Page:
Sonic the Hedgehog is a whole lot of fun; All the Bright Places is a derivative young adult melodrama.
Staring: Ben Schwartz (voice), Jim Carrey, James Marsden, and Tika Sumpter
Directed by: Jeff Fowler
Tagline: Try to keep up.
After much-needed revamping following the furore about the character’s uncanny appearance, Sonic the Hedgehog has overcome his initial design hurdles and made his way to cinemas in a surprisingly enjoyable adventure.
Now looking suitably adorable, Sonic (voiced by Ben Schwartz) finds himself evading baddies in this live-action adaptation of the Sega video game franchise.
When his extraordinary powers of supersonic speed make him a target of power hungry bad guys, Sonic is sent to Earth where he must stay hidden and never stop running. If he is discovered, he can use one of his magical rings to create a portal to another planet where he must then continue to live in isolation.
But the loneliness is starting to take a toll on the friendless hedgehog. He has grown fond of the local sheriff, Tom (James Marsden), and his kind veterinarian wife, Maddie (Tika Sumpter), from afar, but can’t risk making contact with humans.
His frustration over his predicament leads him to inadvertently cause an energy surge that knocks out the region’s power. Evil scientific genius Doctor Robotnik (Jim Carrey) is brought in to figure out what happened; he promptly discovers Sonic’s existence and makes it his mission to capture the space creature.
Sonic then ends up joining forces with an initially reluctant Tom to reclaim the rings that he has lost in the ruckus and escape the mad scientist who is on his trail.
The adventure that ensues may not be a cinematic masterpiece but it is still a whole lot of fun. The humour generally works. Young viewers, in particular, are likely be delighted by Sonic’s antics, and there’s enough charm here to keep grownups invested too (even if they may otherwise find the tale simplistic and predictable).
The titular character is lovable; his human sidekick (portrayed by a very charismatic Marsden) is affable. The exuberant Carrey is entertaining in the comedic style he is so well-known for.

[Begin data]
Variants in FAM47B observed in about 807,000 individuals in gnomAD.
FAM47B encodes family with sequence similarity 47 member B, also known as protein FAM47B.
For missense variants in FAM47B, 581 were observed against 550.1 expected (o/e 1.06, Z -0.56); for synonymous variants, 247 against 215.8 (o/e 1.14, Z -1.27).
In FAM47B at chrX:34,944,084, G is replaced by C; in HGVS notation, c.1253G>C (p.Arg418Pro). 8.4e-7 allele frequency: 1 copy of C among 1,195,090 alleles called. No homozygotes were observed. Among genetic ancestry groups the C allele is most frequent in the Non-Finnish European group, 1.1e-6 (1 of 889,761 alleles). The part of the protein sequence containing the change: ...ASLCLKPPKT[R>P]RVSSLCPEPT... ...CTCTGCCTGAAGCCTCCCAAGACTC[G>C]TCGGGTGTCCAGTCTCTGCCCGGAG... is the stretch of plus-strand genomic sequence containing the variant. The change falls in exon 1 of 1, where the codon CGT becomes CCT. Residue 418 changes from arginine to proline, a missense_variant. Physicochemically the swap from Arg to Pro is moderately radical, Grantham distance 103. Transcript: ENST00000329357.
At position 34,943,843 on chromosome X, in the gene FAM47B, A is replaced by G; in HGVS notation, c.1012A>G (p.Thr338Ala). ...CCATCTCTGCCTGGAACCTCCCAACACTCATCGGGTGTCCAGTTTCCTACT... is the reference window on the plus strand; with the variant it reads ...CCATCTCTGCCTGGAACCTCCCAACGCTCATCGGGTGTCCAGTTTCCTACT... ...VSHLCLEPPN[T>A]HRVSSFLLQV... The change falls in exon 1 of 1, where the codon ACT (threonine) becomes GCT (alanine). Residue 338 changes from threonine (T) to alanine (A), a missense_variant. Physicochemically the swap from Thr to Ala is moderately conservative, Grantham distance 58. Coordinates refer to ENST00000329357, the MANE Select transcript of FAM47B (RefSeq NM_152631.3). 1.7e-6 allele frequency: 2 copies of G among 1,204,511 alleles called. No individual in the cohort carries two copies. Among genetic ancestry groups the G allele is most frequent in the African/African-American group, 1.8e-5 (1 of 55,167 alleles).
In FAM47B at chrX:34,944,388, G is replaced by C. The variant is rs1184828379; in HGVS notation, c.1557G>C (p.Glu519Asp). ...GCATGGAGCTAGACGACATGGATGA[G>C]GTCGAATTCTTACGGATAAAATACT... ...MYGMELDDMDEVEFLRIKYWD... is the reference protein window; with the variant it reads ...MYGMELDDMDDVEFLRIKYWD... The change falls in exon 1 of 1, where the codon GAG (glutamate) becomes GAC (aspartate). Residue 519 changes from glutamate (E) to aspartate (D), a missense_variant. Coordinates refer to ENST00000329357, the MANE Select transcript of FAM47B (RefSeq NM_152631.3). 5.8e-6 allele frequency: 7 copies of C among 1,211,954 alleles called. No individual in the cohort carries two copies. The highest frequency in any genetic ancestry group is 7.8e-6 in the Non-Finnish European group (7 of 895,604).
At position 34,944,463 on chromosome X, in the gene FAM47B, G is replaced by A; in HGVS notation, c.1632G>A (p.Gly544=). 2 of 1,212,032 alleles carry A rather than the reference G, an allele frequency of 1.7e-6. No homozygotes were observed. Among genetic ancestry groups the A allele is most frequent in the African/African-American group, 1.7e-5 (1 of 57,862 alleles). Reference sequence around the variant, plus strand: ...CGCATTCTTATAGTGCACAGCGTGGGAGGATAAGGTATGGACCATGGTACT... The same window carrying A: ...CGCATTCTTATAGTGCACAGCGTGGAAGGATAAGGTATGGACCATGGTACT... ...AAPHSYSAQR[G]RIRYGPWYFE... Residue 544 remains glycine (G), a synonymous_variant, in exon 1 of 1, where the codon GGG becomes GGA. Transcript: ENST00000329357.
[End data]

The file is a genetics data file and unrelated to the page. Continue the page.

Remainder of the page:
Jeff Fowler and his team have done a fairly solid job revamping a project that initially seemed to be going awry. Ultimately, Sonic the Hedgehog may not break any new ground and clearly won’t redefine cinema, but this family-friendly adventure will ensure that viewers have a good time and exit the screening with a smile on their faces.
Staring: Elle Fanning, Justice Smith, Alexandra Shipp, Kelli O'Hara, Lamar Johnson,
Keegan-Michael Key, and Luke Wilson
Directed by: Brett Haley
Tagline: Live life at full brightness.
YA cliches converge in All the Bright Places, a tragic teen romance that tries very hard to tug at your heartstrings but fails to make much of an impact.
The story revolves around two high school students, Violet (Elle Fanning) and Finch (Justice Smith). Violet is struggling with the death of her sister. Finch is struggling with mental health issues. The two are brought together when Finch finds Violet standing on the ledge of a bridge. The pair bond with each other after deciding to collaborate on a class project that requires them to explore their home state of Indiana.
The project comes off as derivative from the get-go as the screenplay does little more than put together hackneyed beats. (You can easily tell from the staid storyline and how things unfold that this film found its beginning as a young adult novel.)
The movie’s handling of some of its developments is also a tad problematic; instead of the deep take the difficult topics need, we are given shallow melodrama. The ending in particular is very weak, leaving us with rushed, unconvincing closure instead of the more raw, dark, complex outcome that would have been more realistic.
The acting isn’t exactly stellar either, especially from the stilted Fanning who seems miscast as the lead; her performance is too unnatural, and she does not feel like a good fit for the role. Smith delivers the better performance and keeps the film afloat even though the movie fails to give his story the depth it needs.
There are moments that work, but things do not come together as a touching, convincing whole. Brett Haley makes some good use of cinematography and sound, but, all in all, this predictable drama struggles because of a derivative screenplay drenched in teen drama tropes.
Rating system: ☆on your life ☆ ½ If you really must waste your time ☆☆ Hardly worth the bother ☆☆ ½ Okay for a slow afternoon only ☆☆☆Good enough for a look see ☆☆☆ ½ Recommended viewing ☆☆☆☆ Don’t miss it ☆☆☆☆ ½ Almost perfect ☆☆☆☆☆ Perfection